Putting Your Oxygen Mask on First: Self-Care

by Cathy Taughinbaugh
June 17, 2019

If you don’t take care of yourself, it’s difficult to help anyone else.

Dealing with a child struggling with addiction can be an emotional, physical, and financial drain. You may find yourself exhausted before you even get out of bed in the morning.

Not only are you dealing with sleepless nights, but also the daily worry and fear for your child’s safety.

Here are some suggestions that helped me when I was dealing with the day-in and day-out stress of my child’s substance use issues.

Replenish Yourself
It takes time to change a habit, such as substance use. That is why it is essential to find ways to give your brain a break.

Some of the things that help me are to practice yoga, go on a long walk, or spend ten minutes meditating each morning. I found that during that time, I would come up with new ideas, feel more positive, and reconnect with myself.

There is nothing better than exercise to get the endorphins going. Exercise helped me feel happier and more at peace with my situation. Being active is one way to get that spiritual, emotional, and physical lift that is so needed.

From my yoga class, I learned about meditation and its benefits. It was something that seemed foreign to me at first. Yet when I tried it for even a few minutes each day, I could feel a slight shift in my ability to stay calm and centered.


Find an Objective Listener
Don’t try to handle the problem alone.

I found it helpful to talk to someone who was not invested in my family’s issue. It could be a counselor, a member of the clergy, or someone you met in a group meeting.

This helpful quote from Travis Bradberry and Jean Greaves, authors of Emotional Intelligence 2.0, explains why it is crucial to reach out. “Speak to someone who is not emotionally invested in your problem. When problems arise, your brain is constantly thinking, constantly sorting, and analyzing information to decide the best course of action. The problem is, the only information your brain has to go on is what you’ve given it—what you’ve seen before and what’s happening now. The way our minds are structured, it’s far too easy to get stuck in a single train of thought. Allow this to happen, and you’re severely limiting your options.”

Reach out and connect with someone who can be of help.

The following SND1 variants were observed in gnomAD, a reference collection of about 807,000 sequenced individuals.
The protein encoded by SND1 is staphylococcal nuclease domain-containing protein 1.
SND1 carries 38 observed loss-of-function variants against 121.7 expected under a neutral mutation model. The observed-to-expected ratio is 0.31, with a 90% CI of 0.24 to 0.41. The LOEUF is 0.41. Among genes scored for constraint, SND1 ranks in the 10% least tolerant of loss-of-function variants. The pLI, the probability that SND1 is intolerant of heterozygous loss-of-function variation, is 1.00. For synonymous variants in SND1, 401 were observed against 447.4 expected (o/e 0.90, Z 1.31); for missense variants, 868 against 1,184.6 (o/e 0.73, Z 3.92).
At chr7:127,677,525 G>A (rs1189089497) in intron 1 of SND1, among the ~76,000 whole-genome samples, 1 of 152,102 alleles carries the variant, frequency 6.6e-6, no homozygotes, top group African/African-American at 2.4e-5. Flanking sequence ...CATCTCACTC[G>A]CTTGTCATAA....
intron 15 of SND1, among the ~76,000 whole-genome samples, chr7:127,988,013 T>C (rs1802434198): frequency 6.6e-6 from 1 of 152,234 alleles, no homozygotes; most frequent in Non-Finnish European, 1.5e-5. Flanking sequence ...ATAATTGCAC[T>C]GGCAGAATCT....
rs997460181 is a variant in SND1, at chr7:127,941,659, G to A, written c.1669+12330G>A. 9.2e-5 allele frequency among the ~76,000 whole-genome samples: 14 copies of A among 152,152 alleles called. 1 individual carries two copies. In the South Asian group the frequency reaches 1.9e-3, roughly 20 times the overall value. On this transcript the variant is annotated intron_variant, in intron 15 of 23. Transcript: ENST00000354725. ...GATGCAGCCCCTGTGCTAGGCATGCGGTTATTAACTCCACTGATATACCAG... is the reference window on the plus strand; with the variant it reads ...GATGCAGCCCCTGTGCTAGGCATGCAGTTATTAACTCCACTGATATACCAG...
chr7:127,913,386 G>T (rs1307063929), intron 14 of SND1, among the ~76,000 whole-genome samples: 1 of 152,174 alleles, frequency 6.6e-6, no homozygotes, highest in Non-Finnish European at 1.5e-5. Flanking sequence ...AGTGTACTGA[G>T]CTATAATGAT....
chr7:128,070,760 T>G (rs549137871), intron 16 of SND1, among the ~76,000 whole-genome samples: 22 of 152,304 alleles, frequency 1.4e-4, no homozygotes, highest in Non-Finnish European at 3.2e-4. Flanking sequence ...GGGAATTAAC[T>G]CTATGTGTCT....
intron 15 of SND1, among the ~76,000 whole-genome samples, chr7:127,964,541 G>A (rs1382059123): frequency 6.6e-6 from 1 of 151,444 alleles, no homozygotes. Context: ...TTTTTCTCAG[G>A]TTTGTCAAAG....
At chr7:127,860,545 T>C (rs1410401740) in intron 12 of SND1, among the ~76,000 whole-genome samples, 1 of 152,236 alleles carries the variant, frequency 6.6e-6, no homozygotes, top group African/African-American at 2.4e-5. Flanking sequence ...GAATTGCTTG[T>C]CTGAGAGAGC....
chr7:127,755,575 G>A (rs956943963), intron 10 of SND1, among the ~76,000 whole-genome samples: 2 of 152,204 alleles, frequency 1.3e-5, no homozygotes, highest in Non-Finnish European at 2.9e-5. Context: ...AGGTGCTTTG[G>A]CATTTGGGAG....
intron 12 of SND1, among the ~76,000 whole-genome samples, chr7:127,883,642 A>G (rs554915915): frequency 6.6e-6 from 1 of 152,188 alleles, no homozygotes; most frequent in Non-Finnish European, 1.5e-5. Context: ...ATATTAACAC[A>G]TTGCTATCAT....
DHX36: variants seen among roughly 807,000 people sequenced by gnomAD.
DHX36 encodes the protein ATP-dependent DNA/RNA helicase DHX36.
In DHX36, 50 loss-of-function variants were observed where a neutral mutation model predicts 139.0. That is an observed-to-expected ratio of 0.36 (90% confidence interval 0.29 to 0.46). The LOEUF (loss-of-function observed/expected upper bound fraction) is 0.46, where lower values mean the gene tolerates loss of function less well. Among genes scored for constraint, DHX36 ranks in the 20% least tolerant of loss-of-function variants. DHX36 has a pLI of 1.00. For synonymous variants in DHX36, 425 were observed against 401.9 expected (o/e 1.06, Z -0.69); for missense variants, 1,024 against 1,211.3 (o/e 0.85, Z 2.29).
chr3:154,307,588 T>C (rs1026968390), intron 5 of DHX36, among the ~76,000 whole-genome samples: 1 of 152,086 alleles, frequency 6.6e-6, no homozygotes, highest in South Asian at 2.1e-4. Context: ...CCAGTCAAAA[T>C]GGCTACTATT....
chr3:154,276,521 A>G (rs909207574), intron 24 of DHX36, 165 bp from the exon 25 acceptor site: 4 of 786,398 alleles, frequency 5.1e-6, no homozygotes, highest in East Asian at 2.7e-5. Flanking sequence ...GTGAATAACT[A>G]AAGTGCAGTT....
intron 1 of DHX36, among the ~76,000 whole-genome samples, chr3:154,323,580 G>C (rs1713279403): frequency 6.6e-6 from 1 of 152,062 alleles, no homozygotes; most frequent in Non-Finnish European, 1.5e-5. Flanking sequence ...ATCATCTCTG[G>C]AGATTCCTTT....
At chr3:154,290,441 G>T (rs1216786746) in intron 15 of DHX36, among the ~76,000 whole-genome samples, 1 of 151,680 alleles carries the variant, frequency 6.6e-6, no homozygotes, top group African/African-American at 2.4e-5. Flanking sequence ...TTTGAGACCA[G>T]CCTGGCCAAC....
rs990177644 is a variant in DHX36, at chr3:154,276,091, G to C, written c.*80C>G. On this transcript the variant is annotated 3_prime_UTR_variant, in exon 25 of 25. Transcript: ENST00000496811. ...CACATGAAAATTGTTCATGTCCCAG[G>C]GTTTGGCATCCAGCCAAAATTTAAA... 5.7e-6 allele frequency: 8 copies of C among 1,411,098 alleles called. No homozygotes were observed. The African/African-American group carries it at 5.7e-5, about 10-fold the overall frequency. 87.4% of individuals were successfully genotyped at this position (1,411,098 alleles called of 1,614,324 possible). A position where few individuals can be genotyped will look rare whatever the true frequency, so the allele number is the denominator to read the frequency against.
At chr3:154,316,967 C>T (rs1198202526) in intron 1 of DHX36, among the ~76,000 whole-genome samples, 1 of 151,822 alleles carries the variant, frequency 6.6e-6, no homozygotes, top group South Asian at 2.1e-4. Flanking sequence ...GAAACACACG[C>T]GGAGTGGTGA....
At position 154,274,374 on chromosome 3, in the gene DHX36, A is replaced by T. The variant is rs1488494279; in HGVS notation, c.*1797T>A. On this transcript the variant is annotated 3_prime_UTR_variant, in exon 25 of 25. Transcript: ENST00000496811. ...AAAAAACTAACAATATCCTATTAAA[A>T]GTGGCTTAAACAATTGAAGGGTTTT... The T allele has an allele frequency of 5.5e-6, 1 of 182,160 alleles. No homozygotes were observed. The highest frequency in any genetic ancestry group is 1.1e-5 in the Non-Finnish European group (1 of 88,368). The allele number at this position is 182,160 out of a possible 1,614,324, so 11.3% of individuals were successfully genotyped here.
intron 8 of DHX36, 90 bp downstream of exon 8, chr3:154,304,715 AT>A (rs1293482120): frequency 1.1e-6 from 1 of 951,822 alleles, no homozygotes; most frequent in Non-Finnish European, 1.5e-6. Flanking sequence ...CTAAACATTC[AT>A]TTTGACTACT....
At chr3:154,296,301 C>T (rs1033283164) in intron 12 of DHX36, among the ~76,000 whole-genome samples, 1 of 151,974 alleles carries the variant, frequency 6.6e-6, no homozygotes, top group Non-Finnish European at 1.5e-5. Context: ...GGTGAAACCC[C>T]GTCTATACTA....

Write Down Your Feelings
I was not a journal writer before my child got caught up in substance use. Yet once I started, I found that it helped me stay focused. Writing down my thoughts released the negative brain chatter that I couldn’t seem to stop in any other way. Once I was able to get my thoughts down on paper, I felt lighter as I went about my day. 

When we are dealing with substance use, there will be many pent-up emotions. It’s a release to write about your feelings. It can be a vehicle to find answers.

Research has shown that even if you write a short paragraph a few times a week, it will lower your stress levels.

Practice Self-Compassion
Self-compassion is not self-pity. It is not your fault that your child turned to drugs or alcohol to ease his or her pain.

Treat yourself with the same understanding, empathy, and good wishes as you would for a friend.

Self-compassion requires self-kindness. Be gentle and understanding with yourself instead of critical and judgmental. Don’t ignore your pain and don’t exaggerate it.

When our kids are struggling, we need all the friends we can get. Being a good friend to yourself is an excellent place to start.

Explore Gratitude 
You will feel happier when you are grateful for what is going well in your life. Appreciate your other children and/or your partner. Give them your time and attention.

Train your mind to look for the positive. Notice the shift that evolves. You will be less likely to get caught up in a negative cycle of all that is going wrong.

Don’t allow yourself to be the victim. Cultivate your inner strength so that you can continue to move forward.

We need to acknowledge the sorrow and pain that we are feeling.

We also need to work through the process and be open to allowing change to evolve.

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Cathy Taughinbaugh

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